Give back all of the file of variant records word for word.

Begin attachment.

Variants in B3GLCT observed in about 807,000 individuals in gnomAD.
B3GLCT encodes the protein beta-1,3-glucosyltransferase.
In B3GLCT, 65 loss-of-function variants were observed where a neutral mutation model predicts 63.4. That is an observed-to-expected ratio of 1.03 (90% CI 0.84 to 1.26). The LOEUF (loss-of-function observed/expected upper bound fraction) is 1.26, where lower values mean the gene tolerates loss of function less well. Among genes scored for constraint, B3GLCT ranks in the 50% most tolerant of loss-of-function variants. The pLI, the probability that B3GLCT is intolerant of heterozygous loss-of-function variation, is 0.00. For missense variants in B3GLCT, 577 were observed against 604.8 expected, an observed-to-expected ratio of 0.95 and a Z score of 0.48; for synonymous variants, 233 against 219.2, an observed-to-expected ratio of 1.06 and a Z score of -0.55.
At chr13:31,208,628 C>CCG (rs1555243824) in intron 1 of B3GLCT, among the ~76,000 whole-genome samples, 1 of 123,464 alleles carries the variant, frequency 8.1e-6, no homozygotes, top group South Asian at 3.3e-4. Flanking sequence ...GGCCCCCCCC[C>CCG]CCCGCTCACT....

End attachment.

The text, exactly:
Variants in B3GLCT observed in about 807,000 individuals in gnomAD.
B3GLCT encodes the protein beta-1,3-glucosyltransferase.
In B3GLCT, 65 loss-of-function variants were observed where a neutral mutation model predicts 63.4. That is an observed-to-expected ratio of 1.03 (90% CI 0.84 to 1.26). The LOEUF (loss-of-function observed/expected upper bound fraction) is 1.26, where lower values mean the gene tolerates loss of function less well. Among genes scored for constraint, B3GLCT ranks in the 50% most tolerant of loss-of-function variants. The pLI, the probability that B3GLCT is intolerant of heterozygous loss-of-function variation, is 0.00. For missense variants in B3GLCT, 577 were observed against 604.8 expected, an observed-to-expected ratio of 0.95 and a Z score of 0.48; for synonymous variants, 233 against 219.2, an observed-to-expected ratio of 1.06 and a Z score of -0.55.
At chr13:31,208,628 C>CCG (rs1555243824) in intron 1 of B3GLCT, among the ~76,000 whole-genome samples, 1 of 123,464 alleles carries the variant, frequency 8.1e-6, no homozygotes, top group South Asian at 3.3e-4. Flanking sequence ...GGCCCCCCCC[C>CCG]CCCGCTCACT....